“Our protest was on June 4 and we started to get a rise on June 14, 15 and 16, and many of those cases don’t have an identified locus,” Dr Varney told The Telegraph. 

“So they don’t have a workplace, they’re not at school, they’re not at a hospital, they’re not in a care home. So they are classified as unknown, and that’s what raises the question for me. To me, that suggests a link with the protests.

“If you look at the age profile, they weren’t 70-year-olds. They were 20 or 30-year-olds.

“I’ve asked Public Health England for national analysis to look at whether the Black Lives Matter protest could be responsible for this.”

Dr Varney said the alarm was first raised in a daily “exceedance report”, issued to Birmingham City Council by Public Health England, which flagged up a “red alert” on June 15.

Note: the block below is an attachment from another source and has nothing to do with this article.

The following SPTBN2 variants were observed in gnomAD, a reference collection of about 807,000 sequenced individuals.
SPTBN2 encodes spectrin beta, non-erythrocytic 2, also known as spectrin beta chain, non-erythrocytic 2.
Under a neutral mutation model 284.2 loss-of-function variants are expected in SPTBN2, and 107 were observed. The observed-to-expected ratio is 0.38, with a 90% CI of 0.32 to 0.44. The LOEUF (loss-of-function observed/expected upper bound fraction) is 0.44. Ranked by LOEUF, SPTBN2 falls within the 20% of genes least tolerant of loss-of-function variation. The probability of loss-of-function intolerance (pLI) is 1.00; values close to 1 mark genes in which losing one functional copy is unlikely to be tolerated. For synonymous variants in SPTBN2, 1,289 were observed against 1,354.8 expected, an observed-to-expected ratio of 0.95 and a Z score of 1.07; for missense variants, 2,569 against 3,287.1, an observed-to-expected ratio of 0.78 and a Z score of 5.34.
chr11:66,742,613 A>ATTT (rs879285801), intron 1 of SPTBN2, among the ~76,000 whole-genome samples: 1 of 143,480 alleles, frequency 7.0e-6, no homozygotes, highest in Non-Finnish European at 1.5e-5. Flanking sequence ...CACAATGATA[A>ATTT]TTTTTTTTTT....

He added that although relatively small, the rise in cases was concerning because it may suggest that more young people could have caught coronavirus without showing symptoms and risked spreading it to older family members.

“The problem is that they take it back into their homes,” he said. “And it’s not so much the risk to them, because young people don’t often get sick. It’s the risk to granny or granddad or mum and dad.” 

Birmingham has seen a general uptick in cases since the protest but “nowhere near” the levels in Leicester (see below), Dr Varney said. 

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